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October 11, 2001
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V S Naipaul bags Nobel Prize in literature

Trinidadian English writer of Indian origin, VS Naipaul, added another feather to his already crowded hat, when he bagged the Nobel Prize in Literature for 2001.

A Royal Swedish Academy of Sciences press release said he bagged the award 'for having united perceptive narrative and incorruptible scrutiny in works that compel us to see the presence of suppressed histories'.

The release described Naipaul as a 'literary circumnavigator', who blurred the distinction between fiction and non-fiction.

Naipaul's literary domain has extended far beyond the West Indian island of Trinidad, his first subject, and now encompasses India, Africa, America, the Islamic countries of Asia and, not the least, England, the release added.

The release said, "Naipaul is Conrad's heir as the annalist of the destinies of empires in the moral sense: what they do to human beings. His authority as a narrator is grounded in his memory of what others have forgotten, the history of the vanquished."

Naipaul's first published literary work was The Mystic Masseur, which was quickly followed by a collection of short stories - Miguel Street.

The release said his first two books 'established Naipaul as a humorist and a portrayer of street life'.

His most famous book, at least for the Indian audience, A House for Mr Biswas followed, putting him on the fast track to literary greatness.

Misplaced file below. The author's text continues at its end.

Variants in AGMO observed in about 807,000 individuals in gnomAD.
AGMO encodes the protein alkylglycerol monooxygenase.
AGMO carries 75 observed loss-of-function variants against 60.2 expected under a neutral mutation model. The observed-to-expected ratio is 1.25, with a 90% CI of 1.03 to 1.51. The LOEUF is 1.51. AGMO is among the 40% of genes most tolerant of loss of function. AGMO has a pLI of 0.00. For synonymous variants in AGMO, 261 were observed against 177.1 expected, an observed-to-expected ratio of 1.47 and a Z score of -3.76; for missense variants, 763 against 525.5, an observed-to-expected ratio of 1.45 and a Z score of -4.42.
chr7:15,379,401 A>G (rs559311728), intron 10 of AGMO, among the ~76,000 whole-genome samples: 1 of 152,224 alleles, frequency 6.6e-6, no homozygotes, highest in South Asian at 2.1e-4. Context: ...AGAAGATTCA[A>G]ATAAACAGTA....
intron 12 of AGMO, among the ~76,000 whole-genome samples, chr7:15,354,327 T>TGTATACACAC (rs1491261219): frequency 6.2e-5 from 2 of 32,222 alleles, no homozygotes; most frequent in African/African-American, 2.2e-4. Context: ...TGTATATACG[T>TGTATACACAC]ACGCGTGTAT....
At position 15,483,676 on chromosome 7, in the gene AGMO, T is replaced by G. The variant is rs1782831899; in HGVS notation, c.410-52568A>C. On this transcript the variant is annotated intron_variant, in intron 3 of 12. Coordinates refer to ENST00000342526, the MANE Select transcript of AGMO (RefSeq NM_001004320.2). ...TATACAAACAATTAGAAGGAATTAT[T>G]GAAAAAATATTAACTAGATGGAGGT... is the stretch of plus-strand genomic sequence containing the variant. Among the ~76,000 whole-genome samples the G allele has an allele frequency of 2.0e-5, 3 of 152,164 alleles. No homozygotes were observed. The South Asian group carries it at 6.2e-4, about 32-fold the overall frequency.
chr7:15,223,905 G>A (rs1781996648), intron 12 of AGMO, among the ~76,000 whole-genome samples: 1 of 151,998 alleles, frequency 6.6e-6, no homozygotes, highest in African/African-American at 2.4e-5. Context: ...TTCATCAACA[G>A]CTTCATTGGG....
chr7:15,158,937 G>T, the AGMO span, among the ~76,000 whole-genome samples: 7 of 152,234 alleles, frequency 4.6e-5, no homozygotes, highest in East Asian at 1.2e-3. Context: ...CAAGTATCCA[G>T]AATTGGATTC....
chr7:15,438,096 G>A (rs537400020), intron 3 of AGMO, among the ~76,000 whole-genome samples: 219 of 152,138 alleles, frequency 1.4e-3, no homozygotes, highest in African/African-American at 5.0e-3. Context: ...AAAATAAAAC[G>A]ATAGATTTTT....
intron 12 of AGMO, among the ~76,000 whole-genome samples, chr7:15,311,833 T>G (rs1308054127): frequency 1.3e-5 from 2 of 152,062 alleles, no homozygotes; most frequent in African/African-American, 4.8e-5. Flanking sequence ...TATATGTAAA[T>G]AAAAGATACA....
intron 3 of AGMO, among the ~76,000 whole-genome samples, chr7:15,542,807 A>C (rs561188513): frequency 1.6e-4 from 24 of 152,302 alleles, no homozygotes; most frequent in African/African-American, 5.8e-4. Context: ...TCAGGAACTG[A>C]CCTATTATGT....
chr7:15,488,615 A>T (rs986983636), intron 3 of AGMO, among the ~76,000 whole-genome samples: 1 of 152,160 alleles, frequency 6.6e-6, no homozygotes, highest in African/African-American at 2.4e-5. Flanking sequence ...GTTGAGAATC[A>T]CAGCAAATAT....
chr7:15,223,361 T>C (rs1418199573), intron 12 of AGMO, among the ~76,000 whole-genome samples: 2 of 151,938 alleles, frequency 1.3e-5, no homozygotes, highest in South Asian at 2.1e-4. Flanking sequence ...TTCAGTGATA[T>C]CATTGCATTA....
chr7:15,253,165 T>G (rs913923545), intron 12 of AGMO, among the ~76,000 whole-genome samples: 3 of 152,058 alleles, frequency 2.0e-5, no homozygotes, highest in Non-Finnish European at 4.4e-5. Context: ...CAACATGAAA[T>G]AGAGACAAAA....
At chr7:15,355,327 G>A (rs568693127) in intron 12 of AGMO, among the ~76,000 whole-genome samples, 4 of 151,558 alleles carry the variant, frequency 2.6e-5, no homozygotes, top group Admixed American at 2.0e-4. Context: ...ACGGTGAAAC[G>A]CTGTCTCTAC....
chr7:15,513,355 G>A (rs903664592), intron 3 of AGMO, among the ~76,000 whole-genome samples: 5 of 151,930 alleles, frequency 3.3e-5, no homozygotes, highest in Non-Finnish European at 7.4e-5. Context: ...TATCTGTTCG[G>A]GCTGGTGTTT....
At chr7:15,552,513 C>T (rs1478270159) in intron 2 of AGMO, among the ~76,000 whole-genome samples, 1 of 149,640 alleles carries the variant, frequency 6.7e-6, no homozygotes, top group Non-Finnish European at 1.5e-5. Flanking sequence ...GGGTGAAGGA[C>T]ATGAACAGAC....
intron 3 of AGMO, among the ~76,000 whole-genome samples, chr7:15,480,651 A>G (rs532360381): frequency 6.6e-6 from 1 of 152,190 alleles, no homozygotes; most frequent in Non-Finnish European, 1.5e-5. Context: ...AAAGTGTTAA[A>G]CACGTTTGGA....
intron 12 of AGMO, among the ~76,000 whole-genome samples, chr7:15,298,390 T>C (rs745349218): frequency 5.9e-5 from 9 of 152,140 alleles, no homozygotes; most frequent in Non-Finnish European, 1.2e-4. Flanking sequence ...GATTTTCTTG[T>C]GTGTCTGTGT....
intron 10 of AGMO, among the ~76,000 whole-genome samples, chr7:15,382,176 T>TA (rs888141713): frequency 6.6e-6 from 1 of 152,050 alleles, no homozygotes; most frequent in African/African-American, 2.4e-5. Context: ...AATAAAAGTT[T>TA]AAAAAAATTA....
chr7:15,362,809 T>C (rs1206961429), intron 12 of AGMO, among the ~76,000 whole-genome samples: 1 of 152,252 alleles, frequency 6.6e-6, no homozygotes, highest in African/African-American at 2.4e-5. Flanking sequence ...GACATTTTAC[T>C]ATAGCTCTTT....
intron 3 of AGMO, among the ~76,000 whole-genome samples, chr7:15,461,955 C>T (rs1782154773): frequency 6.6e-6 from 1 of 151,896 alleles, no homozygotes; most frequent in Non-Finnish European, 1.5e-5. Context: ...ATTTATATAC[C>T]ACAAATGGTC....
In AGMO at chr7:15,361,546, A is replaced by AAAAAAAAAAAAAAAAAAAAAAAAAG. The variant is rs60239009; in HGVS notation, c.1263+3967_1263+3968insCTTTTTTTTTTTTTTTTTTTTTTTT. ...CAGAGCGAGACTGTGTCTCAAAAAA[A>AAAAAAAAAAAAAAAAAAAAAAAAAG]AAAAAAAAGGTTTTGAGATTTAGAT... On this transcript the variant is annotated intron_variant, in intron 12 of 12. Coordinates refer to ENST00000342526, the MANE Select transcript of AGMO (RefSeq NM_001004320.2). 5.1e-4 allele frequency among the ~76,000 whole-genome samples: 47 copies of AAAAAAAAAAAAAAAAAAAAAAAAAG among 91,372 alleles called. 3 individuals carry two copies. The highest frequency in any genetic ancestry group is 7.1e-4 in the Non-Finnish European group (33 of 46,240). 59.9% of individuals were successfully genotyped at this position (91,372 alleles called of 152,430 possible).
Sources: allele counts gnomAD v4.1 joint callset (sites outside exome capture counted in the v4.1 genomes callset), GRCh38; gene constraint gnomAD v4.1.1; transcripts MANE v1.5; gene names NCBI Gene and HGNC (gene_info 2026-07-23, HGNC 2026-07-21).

The press release described the book thus: "One of those singular novels that seem to constitute their own complete universes, in this case a miniature India on the periphery of the British Empire, the scene of his father's circumscribed existence."

About his masterpiece, The Enigma of Arrival, the release said, "Naipaul visits the reality of England like an anthropologist studying some hitherto unexplored native tribe deep in the jungle. With apparently short-sighted and random observations he creates an unrelenting image of the placid collapse of the old colonial ruling culture and the demise of European neighbourhoods."

V S Naipaul has been awarded a number of literary prizes, among them the Booker Prize in 1971 and the T S Eliot Award for Creative Writing in 1986.

He is an honorary doctor of St Andrew's College and Columbia University and of the Universities of Cambridge, London and Oxford.

In 1990, he was knighted by Queen Elizabeth.

Some of the selected works of V S Naipaul:

The Mystic Masseur. London: Deutsch, 1957.
Miguel Street. London: Deutsch, 1959.
A House for Mr. Biswas. London: Deutsch, 1961.
The Middle Passage : Impressions of Five Societies ?" British, French and Dutch in the
West Indies and South America. London: Deutsch, 1962.
Mr Stone and the Knights Companion. London: Deutsch, 1963.
A Flag on the Island. London: Deutsch, 1967.
The Loss of El Dorado: A History. London: Deutsch, 1969.
In a Free State. London: Deutsch, 1971.
The Overcrowded Barracoon and Other Articles. London: Deutsch, 1972.
Guerrillas. London: Deutsch, 1975.
India : A Wounded Civilization. London: Deutsch, 1977.
A Bend in the River. London: Deutsch, 1979.
A Congo Diary. Los Angeles, CA: Sylvester & Orphanos, 1980.
Among the Believers: An Islamic Journey. London: Deutsch, 1981.
The Enigma of Arrival. London: Viking, 1987.
India: A Million Mutinies Now. London: Heinemann, 1990.
A Way in the World. London: Heinemann, 1994.
Beyond Belief: Islamic Excursions among the Converted Peoples. 1998.
Reading and Writing: A Personal Account. 2000.
Half a life. London: Picador, 2001.

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